04 . 17 . 16 . 2

Laynie Browne

1. I stayed up later than my body2. Determined and strange3. Am I less cynical unbroken4. Unpaid labor frowns5. Invisible, redundant with womanhood6. So many of my pages part to places I’d rather not say7. As I write this curled in sheets on my side8. Like a vestigial comma9. Knees bent to a V10. Base of spine, sacred basin11. In a line from sacrum to skull12. Am I a less broken division of labor13. Biology was on my side14. I married biology and gave birth15. To write as a mother created matter16. My children learned to speak, multiplying my efforts17. A rope was put around my neck but I was not broken18. My back was vertical19. I carried only those I chose

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Laynie Browne is a poet, prose writer, teacher and editor. She is author of fourteen collections of poems and four books of fiction. Recent publications include Translation of the Lilies Back into Lists ( 2022, Wave Books) a book of poems, In Garments Worn by Lindens; a novel, Periodic Companions; and a book of short fiction, The Book of Moments. Her work has appeared in journals such as Conjunctions, A Public Space, New American Writing, The Brooklyn Rail, and in anthologies including The Ecopoetry Anthology (Trinity University Press), The Reality Street Book of Sonnets (Reality Street, UK), and Postmodern American Poetry: A Norton Anthology (W.W. Norton). Her poetry has been translated into French, Spanish, Chinese, and Catalan. She co-edited the anthology I’ll Drown My Book: Conceptual Writing by Women (Les Figues Press, 2013) and edited the anthology A Forest on Many Stems: Essays on The Poet’s Novel (Nightboat, 2020). Honors and awards include a Pew Fellowship, the National Poetry Series Award for her collection The Scented Fox (Wave Books, 2007), and the Contemporary Poetry Series Award for her collection Drawing of a Swan Before Memory (University of Georgia, 2005). She teaches at the University of Pennsylvania.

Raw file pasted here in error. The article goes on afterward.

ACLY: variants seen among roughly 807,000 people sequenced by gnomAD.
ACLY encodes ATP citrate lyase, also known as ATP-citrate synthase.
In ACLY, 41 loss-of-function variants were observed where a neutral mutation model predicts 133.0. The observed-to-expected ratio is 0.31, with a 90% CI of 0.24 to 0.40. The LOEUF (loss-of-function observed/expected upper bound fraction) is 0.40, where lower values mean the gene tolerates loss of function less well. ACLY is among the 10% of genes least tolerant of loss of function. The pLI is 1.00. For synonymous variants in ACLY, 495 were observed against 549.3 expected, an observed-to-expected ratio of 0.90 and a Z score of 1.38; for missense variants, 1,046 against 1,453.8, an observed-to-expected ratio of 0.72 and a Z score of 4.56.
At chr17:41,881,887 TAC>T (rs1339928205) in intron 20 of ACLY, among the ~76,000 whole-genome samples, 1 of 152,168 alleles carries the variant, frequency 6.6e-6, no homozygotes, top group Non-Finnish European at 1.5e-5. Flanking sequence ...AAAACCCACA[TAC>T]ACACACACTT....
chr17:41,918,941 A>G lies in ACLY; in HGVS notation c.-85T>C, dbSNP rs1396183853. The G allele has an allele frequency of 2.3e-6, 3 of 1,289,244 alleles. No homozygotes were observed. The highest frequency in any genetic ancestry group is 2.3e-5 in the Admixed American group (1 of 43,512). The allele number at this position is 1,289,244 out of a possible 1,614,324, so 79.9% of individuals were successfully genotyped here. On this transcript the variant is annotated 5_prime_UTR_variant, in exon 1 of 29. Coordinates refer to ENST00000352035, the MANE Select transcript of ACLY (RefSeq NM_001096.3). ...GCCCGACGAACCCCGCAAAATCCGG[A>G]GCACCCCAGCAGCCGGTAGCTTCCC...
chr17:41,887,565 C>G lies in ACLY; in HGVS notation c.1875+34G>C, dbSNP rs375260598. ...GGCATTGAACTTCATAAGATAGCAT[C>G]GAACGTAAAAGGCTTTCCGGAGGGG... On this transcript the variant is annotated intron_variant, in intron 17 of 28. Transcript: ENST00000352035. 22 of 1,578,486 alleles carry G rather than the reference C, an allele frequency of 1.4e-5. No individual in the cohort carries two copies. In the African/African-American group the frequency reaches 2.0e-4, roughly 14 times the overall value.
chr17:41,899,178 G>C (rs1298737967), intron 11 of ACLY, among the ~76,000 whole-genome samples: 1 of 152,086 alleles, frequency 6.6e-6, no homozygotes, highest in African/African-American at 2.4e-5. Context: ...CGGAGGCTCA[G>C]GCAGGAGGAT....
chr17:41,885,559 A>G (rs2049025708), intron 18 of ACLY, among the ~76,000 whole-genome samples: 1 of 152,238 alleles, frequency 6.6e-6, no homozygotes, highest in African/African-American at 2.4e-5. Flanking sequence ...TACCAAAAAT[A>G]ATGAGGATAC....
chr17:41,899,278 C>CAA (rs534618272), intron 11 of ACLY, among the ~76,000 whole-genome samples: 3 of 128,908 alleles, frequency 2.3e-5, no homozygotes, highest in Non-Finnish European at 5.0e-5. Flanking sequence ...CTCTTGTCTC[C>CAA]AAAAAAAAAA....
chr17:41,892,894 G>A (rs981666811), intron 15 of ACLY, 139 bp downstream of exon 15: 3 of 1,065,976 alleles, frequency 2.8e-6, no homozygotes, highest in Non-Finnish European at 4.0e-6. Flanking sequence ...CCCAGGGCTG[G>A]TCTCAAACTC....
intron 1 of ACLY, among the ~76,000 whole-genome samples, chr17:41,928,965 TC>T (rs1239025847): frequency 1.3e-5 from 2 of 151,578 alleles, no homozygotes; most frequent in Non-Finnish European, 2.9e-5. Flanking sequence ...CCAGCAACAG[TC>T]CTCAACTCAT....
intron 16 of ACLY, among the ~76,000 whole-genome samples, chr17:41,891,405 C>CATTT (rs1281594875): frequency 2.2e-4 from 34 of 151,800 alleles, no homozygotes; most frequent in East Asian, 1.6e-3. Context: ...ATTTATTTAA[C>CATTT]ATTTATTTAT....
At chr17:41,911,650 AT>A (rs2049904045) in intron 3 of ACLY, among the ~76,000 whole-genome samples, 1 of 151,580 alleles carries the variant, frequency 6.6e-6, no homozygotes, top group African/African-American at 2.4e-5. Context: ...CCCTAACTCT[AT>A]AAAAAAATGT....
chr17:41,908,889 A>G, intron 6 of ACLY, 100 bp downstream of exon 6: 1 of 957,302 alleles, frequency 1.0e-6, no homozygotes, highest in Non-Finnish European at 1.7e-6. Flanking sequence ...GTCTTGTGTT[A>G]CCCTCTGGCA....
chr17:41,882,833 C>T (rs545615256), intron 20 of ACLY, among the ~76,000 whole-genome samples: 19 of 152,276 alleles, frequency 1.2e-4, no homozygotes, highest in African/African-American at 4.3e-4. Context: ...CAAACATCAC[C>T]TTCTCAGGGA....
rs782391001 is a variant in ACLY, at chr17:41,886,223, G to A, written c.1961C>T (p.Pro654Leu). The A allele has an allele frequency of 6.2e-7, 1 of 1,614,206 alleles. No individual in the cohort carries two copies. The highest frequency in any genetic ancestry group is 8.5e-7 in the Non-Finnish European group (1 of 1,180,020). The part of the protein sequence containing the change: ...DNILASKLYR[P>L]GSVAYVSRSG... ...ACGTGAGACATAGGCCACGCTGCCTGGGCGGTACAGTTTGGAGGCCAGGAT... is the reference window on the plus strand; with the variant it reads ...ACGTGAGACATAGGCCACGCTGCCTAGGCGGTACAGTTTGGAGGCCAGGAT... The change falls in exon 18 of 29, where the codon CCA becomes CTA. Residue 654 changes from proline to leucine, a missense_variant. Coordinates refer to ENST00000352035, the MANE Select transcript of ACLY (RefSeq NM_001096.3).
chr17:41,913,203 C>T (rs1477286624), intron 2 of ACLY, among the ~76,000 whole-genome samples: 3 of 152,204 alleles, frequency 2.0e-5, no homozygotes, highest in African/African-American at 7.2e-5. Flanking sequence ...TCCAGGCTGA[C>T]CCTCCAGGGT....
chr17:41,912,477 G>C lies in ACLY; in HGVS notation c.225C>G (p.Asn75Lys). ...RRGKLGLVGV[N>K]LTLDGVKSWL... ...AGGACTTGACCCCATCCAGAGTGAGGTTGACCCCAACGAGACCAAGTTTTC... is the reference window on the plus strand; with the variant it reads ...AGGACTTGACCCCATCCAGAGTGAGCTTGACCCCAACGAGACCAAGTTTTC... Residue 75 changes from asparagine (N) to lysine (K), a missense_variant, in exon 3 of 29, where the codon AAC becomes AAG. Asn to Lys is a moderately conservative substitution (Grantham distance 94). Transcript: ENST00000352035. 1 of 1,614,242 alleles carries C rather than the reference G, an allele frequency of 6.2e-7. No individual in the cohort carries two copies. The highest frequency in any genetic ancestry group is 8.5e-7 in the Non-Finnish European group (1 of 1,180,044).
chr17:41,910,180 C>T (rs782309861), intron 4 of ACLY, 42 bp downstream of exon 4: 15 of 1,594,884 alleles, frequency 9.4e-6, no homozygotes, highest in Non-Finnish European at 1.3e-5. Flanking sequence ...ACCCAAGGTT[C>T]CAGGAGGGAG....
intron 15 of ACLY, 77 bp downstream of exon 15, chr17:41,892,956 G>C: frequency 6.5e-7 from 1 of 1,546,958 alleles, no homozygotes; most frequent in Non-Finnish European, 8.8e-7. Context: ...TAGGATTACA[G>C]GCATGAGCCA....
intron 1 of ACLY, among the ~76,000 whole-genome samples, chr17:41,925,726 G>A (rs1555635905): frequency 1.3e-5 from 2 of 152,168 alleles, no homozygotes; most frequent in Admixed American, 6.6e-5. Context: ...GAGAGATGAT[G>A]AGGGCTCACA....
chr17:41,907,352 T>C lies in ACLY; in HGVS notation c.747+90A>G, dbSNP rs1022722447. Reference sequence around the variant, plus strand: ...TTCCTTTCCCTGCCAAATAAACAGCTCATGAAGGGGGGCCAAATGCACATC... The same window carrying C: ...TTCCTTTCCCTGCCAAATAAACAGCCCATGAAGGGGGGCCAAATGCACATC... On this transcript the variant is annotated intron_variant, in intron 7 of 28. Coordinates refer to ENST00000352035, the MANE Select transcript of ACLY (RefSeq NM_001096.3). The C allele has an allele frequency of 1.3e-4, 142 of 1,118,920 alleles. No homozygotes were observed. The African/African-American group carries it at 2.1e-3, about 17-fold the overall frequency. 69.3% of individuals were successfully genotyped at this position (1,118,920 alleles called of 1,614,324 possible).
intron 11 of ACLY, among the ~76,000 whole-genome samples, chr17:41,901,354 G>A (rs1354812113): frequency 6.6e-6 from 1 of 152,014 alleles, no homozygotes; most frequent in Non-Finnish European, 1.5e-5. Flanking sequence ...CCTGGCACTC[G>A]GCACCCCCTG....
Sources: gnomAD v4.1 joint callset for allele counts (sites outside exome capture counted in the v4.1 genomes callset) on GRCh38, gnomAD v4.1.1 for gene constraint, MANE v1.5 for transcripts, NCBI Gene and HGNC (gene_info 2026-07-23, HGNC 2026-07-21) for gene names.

"It’s everybody’s biography, always 'not yet begun,' as well as the list of directions, questions, and observations for provoking an investigation into the interior of a life keenly attentive to the resonance of other lives. The reader recognizes herself as the I, the you, the character in a novel, someone missing, someone alive again— illuminated, self-conscious, caught in the act. Like CD Wright, whose work inspires the title, Laynie Browne is hilarious at a slant, provocative, and touching. Her language, which makes everything happen, has an incomparably swervy brilliance."
—Forrest Gander

"Though the poems are awash in the quotidian—buying gifts, planning travel, filling out forms, child care—they read like the textual record of a sensitive mind working through the 'thoughts surrounding' the daily demands that make up a life. Such thinking, for Browne, is tinged with an acute awareness of our inevitable mortality."
—Harriet Books, Poetry Foundation

"The experience of reading Translation of the Lilies Back into Lists was not unlike how Tender Buttons made me feel the first time I read it, or how Hejinian’s My Life makes me feel when I reread it. A sort of stuttering, obfuscated autobiographical narrative establishes itself in fits and starts as one makes one’s way through Translation, but I’d be hard pressed to summarize it. Nor would I want to; Translation is a marvelous book that is better experienced."
—Kevin O'Rourke, Michigan Quarterly Review

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